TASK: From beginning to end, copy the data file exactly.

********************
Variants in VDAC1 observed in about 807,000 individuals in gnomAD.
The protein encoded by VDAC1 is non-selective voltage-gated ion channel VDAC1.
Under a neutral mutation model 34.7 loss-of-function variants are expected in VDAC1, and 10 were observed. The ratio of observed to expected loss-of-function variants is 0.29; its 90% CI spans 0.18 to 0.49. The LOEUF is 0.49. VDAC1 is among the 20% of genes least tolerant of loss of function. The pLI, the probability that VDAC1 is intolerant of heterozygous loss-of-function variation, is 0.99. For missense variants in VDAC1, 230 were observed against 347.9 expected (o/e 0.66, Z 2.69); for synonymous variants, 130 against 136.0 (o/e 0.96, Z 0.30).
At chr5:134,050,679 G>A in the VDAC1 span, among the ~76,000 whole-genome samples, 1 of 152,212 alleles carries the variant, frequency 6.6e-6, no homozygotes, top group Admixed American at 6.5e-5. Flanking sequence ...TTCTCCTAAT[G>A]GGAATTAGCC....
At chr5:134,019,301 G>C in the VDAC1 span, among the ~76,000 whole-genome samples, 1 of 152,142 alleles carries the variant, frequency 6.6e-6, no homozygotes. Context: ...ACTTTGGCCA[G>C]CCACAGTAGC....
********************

Variants in VDAC1 observed in about 807,000 individuals in gnomAD.
The protein encoded by VDAC1 is non-selective voltage-gated ion channel VDAC1.
Under a neutral mutation model 34.7 loss-of-function variants are expected in VDAC1, and 10 were observed. The ratio of observed to expected loss-of-function variants is 0.29; its 90% CI spans 0.18 to 0.49. The LOEUF is 0.49. VDAC1 is among the 20% of genes least tolerant of loss of function. The pLI, the probability that VDAC1 is intolerant of heterozygous loss-of-function variation, is 0.99. For missense variants in VDAC1, 230 were observed against 347.9 expected (o/e 0.66, Z 2.69); for synonymous variants, 130 against 136.0 (o/e 0.96, Z 0.30).
At chr5:134,050,679 G>A in the VDAC1 span, among the ~76,000 whole-genome samples, 1 of 152,212 alleles carries the variant, frequency 6.6e-6, no homozygotes, top group Admixed American at 6.5e-5. Flanking sequence ...TTCTCCTAAT[G>A]GGAATTAGCC....
At chr5:134,019,301 G>C in the VDAC1 span, among the ~76,000 whole-genome samples, 1 of 152,142 alleles carries the variant, frequency 6.6e-6, no homozygotes. Context: ...ACTTTGGCCA[G>C]CCACAGTAGC....